So, people ask me:  what is Tantra exactly?  The basis for Tantra is the text of the Vignana Bhairava Tantra, which contains 112 meditation techniques delivered by Lord Shiva to his consort Devi.  The techniques include breathwork, chanting, and visualization practices.  (There are actually only five meditation techniques that use touch!)  These practices gradually open us to ourselves, as well as sensual pleasure and intimacy with another person, as rungs on a ladder to merging with the Divine.

Second question I often get: what does a Tantra workshop involve?  Many of the exercises are simple, but run deep.  For example, in a recent workshop the men and women partnered up (you can attend  Tantra workshops with a partner or by yourself).  The first part of each partnering (no talking) was to make eye contact and bow.  (Side note: It is amazing how deeply I crave the very simple act of being seen and appreciated.  I think this is a craving many women feel.)  In each partnering, we explored a practice based on the elements, or different senses.  In one of my favorites, the men imagined that they were standing on the edge of the ocean.  The women became the ocean…feeling the ebb and flow of water as part of themselves..and then allowed their body to follow and express that movement…and then finally transmit that energy to the men through touch… as if the waves were lapping against them.   I felt beautiful during this exercise, and very connected to my partner.  Another amazing exercise (and one that is directly linked with continuous whole-body orgasms), is the fire breath.  It involves a curving and contraction of the spine, linked with your breath and pelvic muscle work, while holding onto your parter.  (Good tip: do not practice fire-breath while driving… even you are bored and traffic is slow.  Trust me on this.)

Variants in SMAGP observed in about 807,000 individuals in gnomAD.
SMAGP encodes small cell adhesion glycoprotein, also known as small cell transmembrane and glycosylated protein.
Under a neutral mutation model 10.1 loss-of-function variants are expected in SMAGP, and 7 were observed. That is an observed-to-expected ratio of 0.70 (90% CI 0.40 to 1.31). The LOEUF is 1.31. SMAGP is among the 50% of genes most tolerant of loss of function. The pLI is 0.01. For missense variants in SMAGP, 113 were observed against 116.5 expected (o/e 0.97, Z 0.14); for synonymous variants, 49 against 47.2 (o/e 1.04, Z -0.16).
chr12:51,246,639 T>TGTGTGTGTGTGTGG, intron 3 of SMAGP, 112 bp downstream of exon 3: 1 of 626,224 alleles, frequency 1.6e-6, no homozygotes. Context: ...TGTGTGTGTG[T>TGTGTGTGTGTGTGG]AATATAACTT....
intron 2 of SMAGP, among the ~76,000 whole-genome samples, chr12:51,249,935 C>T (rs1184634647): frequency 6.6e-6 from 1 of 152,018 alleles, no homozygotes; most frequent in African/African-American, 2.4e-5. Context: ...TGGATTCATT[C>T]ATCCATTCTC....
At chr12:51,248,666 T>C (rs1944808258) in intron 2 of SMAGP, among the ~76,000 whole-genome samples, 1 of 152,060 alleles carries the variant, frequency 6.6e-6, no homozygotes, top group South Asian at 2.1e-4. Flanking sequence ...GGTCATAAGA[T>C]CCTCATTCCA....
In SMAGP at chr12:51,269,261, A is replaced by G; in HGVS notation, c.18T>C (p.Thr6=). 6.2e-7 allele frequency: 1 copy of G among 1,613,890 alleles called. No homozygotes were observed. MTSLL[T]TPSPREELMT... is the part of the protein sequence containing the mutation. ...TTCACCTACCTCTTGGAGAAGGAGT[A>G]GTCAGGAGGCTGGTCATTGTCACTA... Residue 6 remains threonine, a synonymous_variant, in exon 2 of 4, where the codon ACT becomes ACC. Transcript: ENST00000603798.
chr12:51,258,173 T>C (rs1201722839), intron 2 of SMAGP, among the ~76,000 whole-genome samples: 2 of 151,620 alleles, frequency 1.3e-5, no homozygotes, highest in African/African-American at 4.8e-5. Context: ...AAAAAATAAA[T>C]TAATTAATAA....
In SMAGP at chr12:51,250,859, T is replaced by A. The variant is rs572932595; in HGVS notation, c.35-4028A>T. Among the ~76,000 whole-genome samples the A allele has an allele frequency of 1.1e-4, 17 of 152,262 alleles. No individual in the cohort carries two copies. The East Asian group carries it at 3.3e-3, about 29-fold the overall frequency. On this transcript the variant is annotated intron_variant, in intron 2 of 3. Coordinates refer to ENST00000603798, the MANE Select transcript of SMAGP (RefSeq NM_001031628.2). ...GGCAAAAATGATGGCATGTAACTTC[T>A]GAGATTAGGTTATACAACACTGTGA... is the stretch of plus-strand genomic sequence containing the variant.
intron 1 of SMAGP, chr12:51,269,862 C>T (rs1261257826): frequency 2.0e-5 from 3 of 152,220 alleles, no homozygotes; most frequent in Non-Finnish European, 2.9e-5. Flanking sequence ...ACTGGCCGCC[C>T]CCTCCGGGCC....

The name of this blog–Threedeelife–was inspired by a two-day Tantra workshop I participated in during this past fall/winter.  During one exercise, I started to feel this strange power running through my body–not even so much sexual, although it was pleasurable–but just unknown and much bigger than me.  It sort of felt like my body was a computer I had been using as a paperweight, and I suddenly discovered that it could turn on and be used to access the Internet.  What was this!?!  Why did I not know my body could do this?